There is one thing worth noting about tri and quad video card configurations. Basically while yes X99 has much more PCIe lanes available to it (40 if the right CPU is used) the best you can get is 16+0+16+8 or 8+8+16+8 (i.e. with a 40 lane CPU). Only when using two cards will both run in full x16 mode. Hopefully X109 (or whatever the x99 successor will be called) ups the lanes to 48 from 40 – as this would allow for 16/16/16 configurations. In the meantime this is really not that big a deal as two cards running in full x16 mode is impressive, and having four video cards to spread the pixel load is still going to result in one hell of a powerful rig – and one that smokes LGA115x systems!To help ensure stability when using multiple video cards – especially overclocked models – Gigabyte has included a standard Molex connector to help boost the power stability…as the typical power supply designer really did not envision users demanding power for four hungry video cards!Besides the Molex connector, the bottom edge of the X99-SLI is filled with a very good assortment of accessories. These include two USB 2.0 ports, front audio header, the first of two USB 3.0 front header ports (the other is located next to the 24-pin connector), a color coded front header, and a CPU Mode switch. This CPU Mode switch will be of great interest to overclocking enthusiasts as when enabled it allows the motherboard to take advantage of all 2083pins found in the socket instead of the typical 2011 (that gives the LGA socket its name). What these additional 72 pins do is increase stability when overclocking and seeing this feature on rather moderately priced motherboards is impressive to say the least!The X99-SLI also comes nicely furnished in the storage department. One of the things that helps distinguish X99 PCH from the mainstream ‘Z’ PCH is the sheer number of SATA devices it supports; so it was nice to see Gigabyte take full advantage of the more powerful PCH. In grand total consumers can expect to find ten SATA 6Gb/s ports, as well as a single SATA EXPRESS port. Of course, if you do use the SE port two adjacent SATA 6Gb/s ports will be disabled but that still leaves eight usable ports.Also of especial note is GIGABYTE includes two M.2 ports; however only one is used for storage devices. Basically one is a ‘M’ keyed M.2 port which has access to four PCIe lanes for M.2 SSDs, while the other is a ‘E’ keyed port for wireless and Bluetooth adapters. Since they are stacked – and yet still below the height of the PCIe ports on both sides of it – both can be used at the same time. The only hitch is only 80mm long and not 110mm long M.2 SSDs will fit. Most use the 2280 form-factor but this is something to take note of before purchasing a M.2 SSD. Also be aware that if you do use GPUs in both PCIe slots and a M.2 wireless card the M.2 SSD is going to run hot – as not much air flow will reach it!The real star of any X99/LGA2011-v3 motherboard is of course the CPU socket and socket area. Here is where the X99-SLI really shines. As you can see the area around the CPU is rather spacious by X99 systems. Equally important is while a few capacitors do encroach on the CPU socket area all these caps do comply with Intel’s z-height restrictions. What this means is they are little to no concern for the typical user and only LN2 users will worry about it.As mentioned previously GIGABYTE has given this motherboard their overclocking (i.e. 2083 gold plated pins instead of 2011 aluminum pins) socket and not the usual socket 2011 found on lower-tiered motherboards. If you take your overclocking seriously this feature alone easily justifies the price of the board.Also on the positive side is that to ensure that the VRM does not overheat during heavy overclocking Gigabyte has tied both heatsinks together via heatpipe. This too is unusual on more value oriented boards.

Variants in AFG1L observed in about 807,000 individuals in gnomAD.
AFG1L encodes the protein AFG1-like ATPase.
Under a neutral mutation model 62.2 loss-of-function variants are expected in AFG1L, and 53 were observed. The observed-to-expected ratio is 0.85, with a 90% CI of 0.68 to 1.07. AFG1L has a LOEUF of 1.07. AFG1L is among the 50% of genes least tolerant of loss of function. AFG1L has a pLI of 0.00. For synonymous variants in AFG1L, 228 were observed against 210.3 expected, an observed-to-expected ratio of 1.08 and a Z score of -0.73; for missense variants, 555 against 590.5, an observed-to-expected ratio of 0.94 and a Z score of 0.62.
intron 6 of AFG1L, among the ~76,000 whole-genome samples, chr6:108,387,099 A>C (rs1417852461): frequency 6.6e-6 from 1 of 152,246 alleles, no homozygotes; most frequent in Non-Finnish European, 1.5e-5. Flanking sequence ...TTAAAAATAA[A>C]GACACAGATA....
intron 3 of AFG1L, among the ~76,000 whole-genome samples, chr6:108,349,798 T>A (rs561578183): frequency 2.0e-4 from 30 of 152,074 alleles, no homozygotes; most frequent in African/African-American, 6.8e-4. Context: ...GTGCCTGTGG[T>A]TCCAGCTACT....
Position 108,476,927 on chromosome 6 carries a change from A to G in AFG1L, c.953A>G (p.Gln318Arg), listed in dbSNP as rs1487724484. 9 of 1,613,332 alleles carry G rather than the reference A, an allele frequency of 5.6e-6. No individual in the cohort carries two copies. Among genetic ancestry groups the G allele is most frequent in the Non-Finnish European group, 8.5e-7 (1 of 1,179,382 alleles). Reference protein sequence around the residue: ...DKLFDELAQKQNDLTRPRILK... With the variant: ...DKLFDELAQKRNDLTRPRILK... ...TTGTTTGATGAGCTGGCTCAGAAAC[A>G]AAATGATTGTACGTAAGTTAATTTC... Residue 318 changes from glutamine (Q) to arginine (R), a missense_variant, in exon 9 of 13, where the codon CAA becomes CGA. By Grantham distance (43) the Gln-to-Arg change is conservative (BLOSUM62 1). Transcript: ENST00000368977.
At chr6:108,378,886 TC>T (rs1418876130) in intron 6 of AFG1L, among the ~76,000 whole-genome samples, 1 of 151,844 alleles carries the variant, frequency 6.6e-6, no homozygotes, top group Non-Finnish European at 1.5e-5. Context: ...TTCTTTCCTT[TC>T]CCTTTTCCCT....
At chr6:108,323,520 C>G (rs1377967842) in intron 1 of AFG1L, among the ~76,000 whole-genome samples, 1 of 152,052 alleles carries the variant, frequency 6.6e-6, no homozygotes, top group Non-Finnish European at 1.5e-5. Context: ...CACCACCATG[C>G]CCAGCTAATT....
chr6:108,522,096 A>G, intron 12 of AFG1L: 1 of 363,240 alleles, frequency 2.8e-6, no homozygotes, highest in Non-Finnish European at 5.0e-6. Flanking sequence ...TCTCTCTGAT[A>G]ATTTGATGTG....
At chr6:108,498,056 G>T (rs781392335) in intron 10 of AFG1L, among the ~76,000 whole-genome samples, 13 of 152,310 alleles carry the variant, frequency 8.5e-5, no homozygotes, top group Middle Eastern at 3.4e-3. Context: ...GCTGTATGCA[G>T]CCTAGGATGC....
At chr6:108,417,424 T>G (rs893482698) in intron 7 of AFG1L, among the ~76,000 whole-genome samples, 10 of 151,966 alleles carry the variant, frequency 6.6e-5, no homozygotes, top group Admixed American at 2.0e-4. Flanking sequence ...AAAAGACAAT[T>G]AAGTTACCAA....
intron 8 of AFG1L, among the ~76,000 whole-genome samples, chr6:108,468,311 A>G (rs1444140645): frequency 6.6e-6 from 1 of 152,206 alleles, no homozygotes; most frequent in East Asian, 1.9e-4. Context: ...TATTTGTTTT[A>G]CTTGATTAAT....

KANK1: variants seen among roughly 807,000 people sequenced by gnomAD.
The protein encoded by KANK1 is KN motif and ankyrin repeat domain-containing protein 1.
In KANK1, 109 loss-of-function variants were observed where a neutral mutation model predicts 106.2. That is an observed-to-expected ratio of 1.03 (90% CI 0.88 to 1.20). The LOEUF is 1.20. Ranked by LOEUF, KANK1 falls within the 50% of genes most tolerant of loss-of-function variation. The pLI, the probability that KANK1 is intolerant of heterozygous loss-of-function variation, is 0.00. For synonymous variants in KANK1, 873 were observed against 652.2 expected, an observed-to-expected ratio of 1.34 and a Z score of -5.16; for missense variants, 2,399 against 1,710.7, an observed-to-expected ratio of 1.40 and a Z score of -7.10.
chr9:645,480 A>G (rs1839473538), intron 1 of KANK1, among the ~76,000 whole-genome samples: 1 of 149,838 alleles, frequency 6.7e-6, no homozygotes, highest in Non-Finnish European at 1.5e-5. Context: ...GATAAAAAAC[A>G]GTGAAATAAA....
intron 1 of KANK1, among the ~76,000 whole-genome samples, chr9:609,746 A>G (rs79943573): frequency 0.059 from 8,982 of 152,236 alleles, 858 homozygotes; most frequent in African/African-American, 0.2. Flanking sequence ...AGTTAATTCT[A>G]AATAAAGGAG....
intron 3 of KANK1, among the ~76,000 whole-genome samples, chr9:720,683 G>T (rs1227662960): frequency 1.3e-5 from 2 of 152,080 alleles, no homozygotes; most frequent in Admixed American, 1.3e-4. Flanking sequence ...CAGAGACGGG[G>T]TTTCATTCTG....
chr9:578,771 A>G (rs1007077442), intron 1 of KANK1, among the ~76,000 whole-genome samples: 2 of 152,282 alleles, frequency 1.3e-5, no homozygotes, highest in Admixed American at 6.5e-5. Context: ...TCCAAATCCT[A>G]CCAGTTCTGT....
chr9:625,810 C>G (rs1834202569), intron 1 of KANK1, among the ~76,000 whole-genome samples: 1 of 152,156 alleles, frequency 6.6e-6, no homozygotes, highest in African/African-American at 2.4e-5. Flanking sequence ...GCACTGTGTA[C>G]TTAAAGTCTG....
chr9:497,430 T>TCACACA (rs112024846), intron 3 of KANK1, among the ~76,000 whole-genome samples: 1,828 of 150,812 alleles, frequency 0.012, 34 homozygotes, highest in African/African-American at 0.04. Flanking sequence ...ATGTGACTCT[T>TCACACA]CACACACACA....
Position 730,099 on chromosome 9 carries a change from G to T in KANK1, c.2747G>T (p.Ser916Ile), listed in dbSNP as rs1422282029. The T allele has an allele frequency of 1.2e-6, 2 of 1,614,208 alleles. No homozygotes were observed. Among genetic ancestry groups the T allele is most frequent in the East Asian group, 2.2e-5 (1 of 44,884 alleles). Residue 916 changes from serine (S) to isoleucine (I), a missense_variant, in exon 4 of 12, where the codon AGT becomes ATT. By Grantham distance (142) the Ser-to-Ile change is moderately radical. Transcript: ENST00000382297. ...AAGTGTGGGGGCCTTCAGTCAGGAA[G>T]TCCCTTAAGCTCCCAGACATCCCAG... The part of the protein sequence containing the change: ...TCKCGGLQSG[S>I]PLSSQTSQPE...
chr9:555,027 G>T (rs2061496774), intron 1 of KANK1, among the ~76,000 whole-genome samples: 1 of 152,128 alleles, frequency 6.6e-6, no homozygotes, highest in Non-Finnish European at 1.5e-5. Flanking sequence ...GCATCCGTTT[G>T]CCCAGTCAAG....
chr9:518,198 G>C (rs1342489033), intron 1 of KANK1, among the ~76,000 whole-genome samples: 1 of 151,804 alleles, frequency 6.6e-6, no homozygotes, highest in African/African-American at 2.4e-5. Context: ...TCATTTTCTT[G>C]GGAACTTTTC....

Hidden unearth this heatsink is an 6-phase all digital power delivery system that ensures clean and stable power actually reaches the CPU. On the surface using ‘only’ 6 phases seems a touch underpowered for the X99 but this is still more than good enough as it’s controlled via all-digital IOR controller. It is just unfortunate as the IOR 3580 used is capable of handling 8 real phases and is being under-utilized in this configuration. Not once in testing did this cause any issues and thanks to its great cooling we have little issues over this setup.As this is a more mainstream orientated motherboard Gigabyte has forgone the inclusion of an additional 4-pin or 8-pin power connector. Instead it comes with ‘only’ one 8-pin connector. Unless you are looking for insane overclocking levels this is of little concern. As with the 6 vs 8 phase VRM, not once in testing did it ever limit things; rather we felt that our RAM and CPU bottlenecked long before the board did. This is because each phase is capable of handling up to 50amps (actually 76a but the IOR3556 used on each phase is limited to 50a). That means the chances of overloading any of the six phases this side of LN2 overclocking is minimal to say the least.Also on the positive side there are no major VRM components on the backside of the motherboard.Moving on, the DDR4 slots on this board support overclocking of up to DDR4-3333 speeds. To ensure that you can actually do this both sets of 4 DIMMS are fed by a dual channel all digital VRM design (an IOR IR3570 per set of DIMMS). This of course assumes that you have RAM modules capable of this speed and a CPU with an excellent built in memory controller. In either case, this level of performance when combined with four channels makes for one potent system.The other star of the show is the integrated sound solution. This is one area Gigabyte has been excelling at the past few years and the X99-SLI is no exception. While it may not have a removable op-amp like some higher priced models, the sound solution this card does have is rather good. At its heart is a Realtek ALC1150 8-channel audio CODEC. This is one of the best sound controllers available today, especially when combined with a Texas Instruments NE5532 op-amp and Japanese capacitors. Equally important is, unlike the UD5, Gigabyte has used an ‘AMP-UP’ branded electromagnetic interference (EMI) shield covering for the Realtek controller. This in conjunction with the PCB isolation line surrounding the audio section of the PCB should ensure the highest possible signal-to-noise (SNR) ratio and deliver the highest possible sound quality. To be blunt the only thing missing is a removable op-amp socket, but the soldered NE5532 is still a very decent choice and should provide a very pleasing experience for consumers.The rear IO panel is also extremely good. In grand total you will find a dedicated PS/2 keyboard and mouse ports, 4 USB 2.0 ports, 4 USB 3.0 ports (one does double duty for the Q-Flash duties), a gigabit LAN port, the five audio jacks, and an optical S/PDIF Out connector. Also included is a bracket with two holes for wireless antennas. This last addition is necessary as this motherboard does not come with any WiFi or BlueTooth abilities, but the bracket will make upgrading this board much easier than usual. This gigabit LAN ports is courtesy of an Intel i218v. The LAN port also features a dedicated protection filter that can protect your system from electrostatic discharge (ESD).